11. This is all very well on car a park.  BUT, what techniques do you teach them to take bends correctly, on the open road at much higher speeds?

  12. The skills test, as well as most curricula, focuses on “path of travel” (e.g. being able to stay in-your-lane) as well as “appropriate entry speed” selection.  On-street, SLOWING prior to a curve, allows riders to respond and ride effectively.  Too fast into a curve, typically fear kicks-in, shoulders and arms lock, and your head won’t turn – thus, running wide. 
    What do we teach?  SLOW, Look, Press & Roll-on.

  13. going to take my test in a week or so, worried that i wont do well, any suggestions for someone with little knowledge and experience?

  14. @ MrKamiller – DOL suggests reading the Motorcycle Operator Guide. Prior to taking a class or skills test, re-balance youself by riding a bicycle or motorcycle -if you have. Testing validates control/balance, position awareness, and hazard avoidance skills. You may want to watch these videos again, and practice the components in a parking lot.
    Basic classes are designed to help folks new-to-riding develop the skills needed to ride.

  15. Hey man, why is there a jingle jangle hanging on the front tire of that bike? Looks a bit unsafe.

    Good videos! I'm a new(er) rider and this info is great especially having spent more time off-road than on!

  16. @Mustang- Thank you!  Lots of effort and partnership with stakeholders.  DOL worked with WA State Patrol, MSF (Motorcycle Safety Foundation) and WA Traffic Safety Commission -and many many others to produce. 
    Test developed here in WA is now going national via MSF's (new) BRC curricula. 
    Thanks for the feedback!  🙂  KM

  17. I just got home from taking the skills test at the Ridgefield, WA facility, which I failed. However, I am not discouraged as I realize that all was not in my favor today. Incredibly heavy rain at times, a bike that was very different from my own, the wrong boots for that bike (avoid heels of any kind). I do not live in the Ridgefield area, so I spent the weekend at my daughter's house in Vancouver and away from the comfort of a good nights sleep which I probably would have gotten in my own bed back home, but as I live two hours away from the facility I thought that might be a better idea (it wasn't) and then I forgot to eat breakfast before I arrived at the course this morning. The real bummer was that I had spent 3 great days practicing and studying through participating in the novice course (a great course!) but I still failed, but my thanks go out to the instructors that failed me, especially after coming home and watching these 5 videos. If I had had 1 more point I would have passed, but there is no doubt that their failing me was the right decision at this time as I am just not ready for the road and I need more practice in handling the bike at slow speeds, swerving and quick stops.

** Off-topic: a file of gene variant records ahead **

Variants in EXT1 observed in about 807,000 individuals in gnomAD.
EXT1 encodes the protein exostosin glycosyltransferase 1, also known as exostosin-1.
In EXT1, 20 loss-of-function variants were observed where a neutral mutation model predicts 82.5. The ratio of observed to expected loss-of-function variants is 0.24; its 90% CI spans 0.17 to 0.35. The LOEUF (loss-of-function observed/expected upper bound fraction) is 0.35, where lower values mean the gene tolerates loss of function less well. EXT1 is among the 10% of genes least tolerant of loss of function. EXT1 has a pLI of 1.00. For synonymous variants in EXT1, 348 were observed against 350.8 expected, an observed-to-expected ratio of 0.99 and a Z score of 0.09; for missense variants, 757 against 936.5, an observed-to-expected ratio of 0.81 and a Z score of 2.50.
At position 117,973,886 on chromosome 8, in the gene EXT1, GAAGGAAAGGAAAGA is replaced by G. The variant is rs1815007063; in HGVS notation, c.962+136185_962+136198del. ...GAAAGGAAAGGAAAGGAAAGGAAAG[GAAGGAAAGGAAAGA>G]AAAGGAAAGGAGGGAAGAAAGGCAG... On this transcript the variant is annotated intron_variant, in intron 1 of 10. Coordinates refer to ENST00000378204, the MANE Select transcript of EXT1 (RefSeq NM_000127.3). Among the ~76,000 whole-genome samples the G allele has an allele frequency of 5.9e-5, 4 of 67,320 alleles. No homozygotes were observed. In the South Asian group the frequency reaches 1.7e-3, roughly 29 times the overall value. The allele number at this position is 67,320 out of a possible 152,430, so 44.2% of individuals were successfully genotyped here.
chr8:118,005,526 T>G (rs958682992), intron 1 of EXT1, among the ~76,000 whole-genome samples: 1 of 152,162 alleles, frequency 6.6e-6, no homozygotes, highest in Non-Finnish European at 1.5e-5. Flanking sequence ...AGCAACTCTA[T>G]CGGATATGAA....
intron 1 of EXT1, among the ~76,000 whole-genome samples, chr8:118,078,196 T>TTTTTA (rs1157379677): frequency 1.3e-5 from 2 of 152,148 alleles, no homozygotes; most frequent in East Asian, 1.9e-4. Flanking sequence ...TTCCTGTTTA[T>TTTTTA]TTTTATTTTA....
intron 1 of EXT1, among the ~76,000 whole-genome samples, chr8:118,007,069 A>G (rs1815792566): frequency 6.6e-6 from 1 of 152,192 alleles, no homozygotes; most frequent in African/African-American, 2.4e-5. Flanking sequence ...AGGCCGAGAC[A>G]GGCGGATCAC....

So, based on my experience over the last 3 days here is my advice… Practice slow speed turns etc. before you go, get lots of rest, eat well and eat often, before and during the course (at break times) as you are burning a lot of calories while riding, I have blood sugar issues and not eating this morning was a huge mistake! Drink lots of water. When/if you get to choose your bike, choose the one that best suits you and/or is the most like the bike you own or plan to own. I spent 2 days on a Suzuki that had different gear and brake placements than my little Honda Rebel and it was very frustrating. Although there was a Honda Rebel there that I could have chosen, but I didn't notice it until the 2nd day and by that time I didn't feel that it would be right to ask the person riding it if he would switch bikes with me.

    All in all though, it was an excellent class and a fun experience and the guys teaching it did a great job. I am going to practice, practice, practice and then I'll be back to take the "skills test" over again, fortunately I did managed to pass the knowledge test. Thanks to all the guys that spent the last 3 days teaching the class and thank you for helping to keep me safe. All of it was a great experience, except for that hour or so when it rained in buckets. I'll see you again soon!

  18. I took a mandatory course in Oregon called "Team Oregon" It's basically the same test. Absolutely superb and a must for everyone who rides. Thanks for posting this!

  19. whats the requirements for the bikes  I have a sports bike with custom signal lights is that ok for me to use for the test

  20. I am 64 took my first test at 17 on a cb750 past. When I moved to WA. bought a 650 yamha and drove it for two yrs. with out a license. Next was a Harley Sportster. I decided to take the test and past. There were no written tests aside from auto. The mc test was simple and took 3-19 mins much simpler. Just bought another bike to ride with my son, the new test is too long and complicated. I don't think I could pass it at my age and slowed reflexes. Never got in a wreck in forty yrs of driving, but I am too old now.